As elected leaders, transportation officials, and safety advocates converge in Washington DC today for the second annual distracted driving summit, the level of impact existing anti-distraction laws have had will be front and center. In California, the numbers are less-than-encouraging. Since the state’s cell phone ban went into effect in January 2009, the number of distracted drivers has actually increased, to 2.7 percent of drivers at any given time, according to the Automotive Club of Southern California.
My hunch is that this paradox is more the result of ever-increasing technology and a lack of awareness about cell phone laws than a deliberate attempt to buck state laws against cell phone use behind the wheel. After all, the majority of Californians likely aren’t so rebellious to break the law just for the hell of it. In this case, fear is the best remedy; in order for the California legislature to boost adherence to the distracted driving ban, it must pass stronger laws and crack down more forcefully.
“Stronger penalties, more driver awareness and education, and heightened enforcement are needed to significantly reduce one of the most dangerous activities a driver can do while on the road,” said the Auto Club’s Government Affairs Manager Steve Finnegan. “The rise in texting indicates that the growth of texting overall has outpaced current enforcement efforts and overcome the current law, which should be strengthened to enhance safety.”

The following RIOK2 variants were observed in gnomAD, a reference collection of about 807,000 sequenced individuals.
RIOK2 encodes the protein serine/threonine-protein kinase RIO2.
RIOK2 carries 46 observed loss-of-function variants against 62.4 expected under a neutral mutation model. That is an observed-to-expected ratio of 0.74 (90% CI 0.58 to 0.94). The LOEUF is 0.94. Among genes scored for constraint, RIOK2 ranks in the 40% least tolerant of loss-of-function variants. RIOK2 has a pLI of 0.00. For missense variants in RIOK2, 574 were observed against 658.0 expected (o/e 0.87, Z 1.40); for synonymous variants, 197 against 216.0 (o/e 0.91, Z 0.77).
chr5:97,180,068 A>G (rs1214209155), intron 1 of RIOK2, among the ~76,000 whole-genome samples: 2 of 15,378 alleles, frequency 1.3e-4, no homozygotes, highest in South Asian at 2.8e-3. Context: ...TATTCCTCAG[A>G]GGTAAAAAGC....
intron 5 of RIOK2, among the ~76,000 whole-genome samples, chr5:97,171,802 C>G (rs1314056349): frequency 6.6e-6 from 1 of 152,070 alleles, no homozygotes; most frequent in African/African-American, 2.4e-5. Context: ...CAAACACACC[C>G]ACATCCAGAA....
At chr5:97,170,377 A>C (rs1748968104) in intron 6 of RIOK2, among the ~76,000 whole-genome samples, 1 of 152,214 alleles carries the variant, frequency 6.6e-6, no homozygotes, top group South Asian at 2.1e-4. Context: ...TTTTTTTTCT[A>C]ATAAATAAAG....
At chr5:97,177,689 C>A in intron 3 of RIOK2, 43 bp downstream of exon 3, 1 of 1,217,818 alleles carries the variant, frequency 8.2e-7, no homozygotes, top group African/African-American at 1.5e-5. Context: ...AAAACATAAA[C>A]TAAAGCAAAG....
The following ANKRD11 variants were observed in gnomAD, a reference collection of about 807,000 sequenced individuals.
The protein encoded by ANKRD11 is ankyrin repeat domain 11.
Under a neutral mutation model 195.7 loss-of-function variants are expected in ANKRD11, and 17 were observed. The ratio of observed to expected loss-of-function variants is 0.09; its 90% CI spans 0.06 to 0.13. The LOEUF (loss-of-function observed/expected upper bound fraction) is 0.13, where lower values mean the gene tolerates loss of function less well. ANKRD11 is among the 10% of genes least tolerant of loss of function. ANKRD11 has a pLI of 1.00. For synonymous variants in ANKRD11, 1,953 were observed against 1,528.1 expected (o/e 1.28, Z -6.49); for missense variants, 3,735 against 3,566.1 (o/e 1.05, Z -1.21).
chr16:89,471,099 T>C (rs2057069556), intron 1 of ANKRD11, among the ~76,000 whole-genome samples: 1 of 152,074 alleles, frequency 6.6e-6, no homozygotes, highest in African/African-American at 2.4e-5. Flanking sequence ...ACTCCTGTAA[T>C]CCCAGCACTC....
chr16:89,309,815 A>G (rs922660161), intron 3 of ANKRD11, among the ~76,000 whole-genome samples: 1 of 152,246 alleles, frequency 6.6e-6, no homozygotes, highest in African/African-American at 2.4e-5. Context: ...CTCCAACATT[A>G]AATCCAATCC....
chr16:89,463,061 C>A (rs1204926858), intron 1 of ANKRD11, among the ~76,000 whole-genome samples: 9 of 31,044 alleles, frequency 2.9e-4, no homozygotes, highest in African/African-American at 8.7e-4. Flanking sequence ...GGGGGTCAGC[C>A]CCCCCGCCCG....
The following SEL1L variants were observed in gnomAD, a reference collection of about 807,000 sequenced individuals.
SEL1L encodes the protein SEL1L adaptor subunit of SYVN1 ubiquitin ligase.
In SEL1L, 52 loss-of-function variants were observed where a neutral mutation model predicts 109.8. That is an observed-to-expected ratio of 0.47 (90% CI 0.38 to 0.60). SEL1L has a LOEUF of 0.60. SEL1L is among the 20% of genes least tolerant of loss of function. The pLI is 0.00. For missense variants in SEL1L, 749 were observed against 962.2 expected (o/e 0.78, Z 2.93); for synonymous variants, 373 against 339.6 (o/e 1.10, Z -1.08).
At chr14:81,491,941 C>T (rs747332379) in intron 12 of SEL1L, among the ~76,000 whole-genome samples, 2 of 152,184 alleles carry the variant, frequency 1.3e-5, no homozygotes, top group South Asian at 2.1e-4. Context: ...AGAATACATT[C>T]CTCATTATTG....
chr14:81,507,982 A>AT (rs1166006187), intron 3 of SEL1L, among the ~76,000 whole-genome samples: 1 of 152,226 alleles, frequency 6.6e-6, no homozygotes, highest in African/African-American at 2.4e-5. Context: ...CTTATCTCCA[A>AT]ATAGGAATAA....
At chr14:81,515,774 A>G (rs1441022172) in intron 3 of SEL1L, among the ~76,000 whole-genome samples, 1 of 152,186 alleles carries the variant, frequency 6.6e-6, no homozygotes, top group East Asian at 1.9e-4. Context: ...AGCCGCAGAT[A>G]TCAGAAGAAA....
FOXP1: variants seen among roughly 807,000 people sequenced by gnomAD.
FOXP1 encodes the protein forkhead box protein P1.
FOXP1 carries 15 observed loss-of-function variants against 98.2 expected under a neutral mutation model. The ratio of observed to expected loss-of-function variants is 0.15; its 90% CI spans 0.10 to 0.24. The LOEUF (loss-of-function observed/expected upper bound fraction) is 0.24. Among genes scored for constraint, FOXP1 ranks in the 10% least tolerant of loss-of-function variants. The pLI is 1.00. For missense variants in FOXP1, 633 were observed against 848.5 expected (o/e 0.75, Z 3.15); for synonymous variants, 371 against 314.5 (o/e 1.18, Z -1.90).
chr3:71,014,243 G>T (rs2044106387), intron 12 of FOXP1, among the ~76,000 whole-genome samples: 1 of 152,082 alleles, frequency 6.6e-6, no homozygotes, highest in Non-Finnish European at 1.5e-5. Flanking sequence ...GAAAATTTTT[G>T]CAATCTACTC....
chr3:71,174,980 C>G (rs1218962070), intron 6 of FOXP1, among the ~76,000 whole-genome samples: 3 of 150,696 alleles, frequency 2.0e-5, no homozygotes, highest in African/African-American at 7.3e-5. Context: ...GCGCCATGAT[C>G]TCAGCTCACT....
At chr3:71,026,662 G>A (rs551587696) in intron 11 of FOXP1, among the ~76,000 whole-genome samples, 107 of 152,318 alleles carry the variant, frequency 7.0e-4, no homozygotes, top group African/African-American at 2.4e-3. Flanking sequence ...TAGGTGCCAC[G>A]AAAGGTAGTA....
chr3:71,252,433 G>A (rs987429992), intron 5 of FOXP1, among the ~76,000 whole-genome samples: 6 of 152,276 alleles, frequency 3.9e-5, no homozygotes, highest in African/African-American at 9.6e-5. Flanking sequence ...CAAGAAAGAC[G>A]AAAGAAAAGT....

One bill that would have increased the fines for first-time and repeating offenders, and added a point to the dangerous driver’s record, was recently defeated by the California legislature. State Senator Joe Simitian, one of the bill’s co-sponsors, has said that distracted driving won’t go away over night. Though “it will take time, education, and enforcement,” Simitian says distracted driving will eventually be considered as taboo as driving drunk or ignoring seat belts.
Secretary of Transportation Ray LaHood has been a major force in the fight against distracted driving, and today’s second annual summit on the subject will aim to inspire action on the local and national levels. Noting the 6,000 deaths and nearly 500,000 injuries caused by distracted driving each year, LaHood highlighted the central tragedy on his blog yesterday. “Once you’ve met the victims and the loved ones left behind by this dangerous behavior, it gets even worse. Because then you understand that we are not talking about numbers, but about lives being broken and people being killed in crashes that are 100% preventable.”
Photo credit: poka0059